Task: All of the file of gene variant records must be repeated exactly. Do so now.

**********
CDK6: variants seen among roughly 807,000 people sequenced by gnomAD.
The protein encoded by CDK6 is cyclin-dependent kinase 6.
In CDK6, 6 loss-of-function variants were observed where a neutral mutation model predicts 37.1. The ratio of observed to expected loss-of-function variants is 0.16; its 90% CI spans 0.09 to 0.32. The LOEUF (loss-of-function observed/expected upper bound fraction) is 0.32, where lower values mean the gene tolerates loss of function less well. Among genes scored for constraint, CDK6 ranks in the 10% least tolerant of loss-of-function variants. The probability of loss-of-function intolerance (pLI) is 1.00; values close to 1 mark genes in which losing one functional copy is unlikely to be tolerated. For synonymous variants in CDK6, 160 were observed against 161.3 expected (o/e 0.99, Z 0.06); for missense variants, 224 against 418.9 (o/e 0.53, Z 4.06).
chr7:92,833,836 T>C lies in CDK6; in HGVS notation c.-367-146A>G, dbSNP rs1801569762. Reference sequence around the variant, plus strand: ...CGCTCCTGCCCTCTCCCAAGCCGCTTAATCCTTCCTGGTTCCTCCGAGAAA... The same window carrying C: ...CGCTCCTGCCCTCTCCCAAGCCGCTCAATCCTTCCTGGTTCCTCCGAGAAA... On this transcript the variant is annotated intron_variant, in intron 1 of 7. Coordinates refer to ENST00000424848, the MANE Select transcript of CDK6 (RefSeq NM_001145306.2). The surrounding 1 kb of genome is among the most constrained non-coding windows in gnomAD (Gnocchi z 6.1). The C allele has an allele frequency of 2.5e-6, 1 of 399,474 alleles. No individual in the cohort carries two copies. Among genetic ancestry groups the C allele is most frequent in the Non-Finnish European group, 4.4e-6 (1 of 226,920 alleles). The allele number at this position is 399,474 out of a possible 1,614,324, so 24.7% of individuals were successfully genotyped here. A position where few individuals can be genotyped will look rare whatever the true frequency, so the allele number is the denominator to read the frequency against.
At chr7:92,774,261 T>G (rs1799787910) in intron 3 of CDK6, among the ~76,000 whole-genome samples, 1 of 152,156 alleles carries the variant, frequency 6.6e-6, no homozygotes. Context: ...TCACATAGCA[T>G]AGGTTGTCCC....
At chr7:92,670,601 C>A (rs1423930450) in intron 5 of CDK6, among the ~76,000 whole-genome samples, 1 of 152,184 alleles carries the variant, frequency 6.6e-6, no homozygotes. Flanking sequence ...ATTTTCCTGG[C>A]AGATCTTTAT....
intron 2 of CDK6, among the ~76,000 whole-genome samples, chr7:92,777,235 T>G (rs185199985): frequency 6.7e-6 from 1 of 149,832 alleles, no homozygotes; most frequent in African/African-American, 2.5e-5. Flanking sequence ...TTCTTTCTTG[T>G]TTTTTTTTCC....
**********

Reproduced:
CDK6: variants seen among roughly 807,000 people sequenced by gnomAD.
The protein encoded by CDK6 is cyclin-dependent kinase 6.
In CDK6, 6 loss-of-function variants were observed where a neutral mutation model predicts 37.1. The ratio of observed to expected loss-of-function variants is 0.16; its 90% CI spans 0.09 to 0.32. The LOEUF (loss-of-function observed/expected upper bound fraction) is 0.32, where lower values mean the gene tolerates loss of function less well. Among genes scored for constraint, CDK6 ranks in the 10% least tolerant of loss-of-function variants. The probability of loss-of-function intolerance (pLI) is 1.00; values close to 1 mark genes in which losing one functional copy is unlikely to be tolerated. For synonymous variants in CDK6, 160 were observed against 161.3 expected (o/e 0.99, Z 0.06); for missense variants, 224 against 418.9 (o/e 0.53, Z 4.06).
chr7:92,833,836 T>C lies in CDK6; in HGVS notation c.-367-146A>G, dbSNP rs1801569762. Reference sequence around the variant, plus strand: ...CGCTCCTGCCCTCTCCCAAGCCGCTTAATCCTTCCTGGTTCCTCCGAGAAA... The same window carrying C: ...CGCTCCTGCCCTCTCCCAAGCCGCTCAATCCTTCCTGGTTCCTCCGAGAAA... On this transcript the variant is annotated intron_variant, in intron 1 of 7. Coordinates refer to ENST00000424848, the MANE Select transcript of CDK6 (RefSeq NM_001145306.2). The surrounding 1 kb of genome is among the most constrained non-coding windows in gnomAD (Gnocchi z 6.1). The C allele has an allele frequency of 2.5e-6, 1 of 399,474 alleles. No individual in the cohort carries two copies. Among genetic ancestry groups the C allele is most frequent in the Non-Finnish European group, 4.4e-6 (1 of 226,920 alleles). The allele number at this position is 399,474 out of a possible 1,614,324, so 24.7% of individuals were successfully genotyped here. A position where few individuals can be genotyped will look rare whatever the true frequency, so the allele number is the denominator to read the frequency against.
At chr7:92,774,261 T>G (rs1799787910) in intron 3 of CDK6, among the ~76,000 whole-genome samples, 1 of 152,156 alleles carries the variant, frequency 6.6e-6, no homozygotes. Context: ...TCACATAGCA[T>G]AGGTTGTCCC....
At chr7:92,670,601 C>A (rs1423930450) in intron 5 of CDK6, among the ~76,000 whole-genome samples, 1 of 152,184 alleles carries the variant, frequency 6.6e-6, no homozygotes. Flanking sequence ...ATTTTCCTGG[C>A]AGATCTTTAT....
intron 2 of CDK6, among the ~76,000 whole-genome samples, chr7:92,777,235 T>G (rs185199985): frequency 6.7e-6 from 1 of 149,832 alleles, no homozygotes; most frequent in African/African-American, 2.5e-5. Flanking sequence ...TTCTTTCTTG[T>G]TTTTTTTTCC....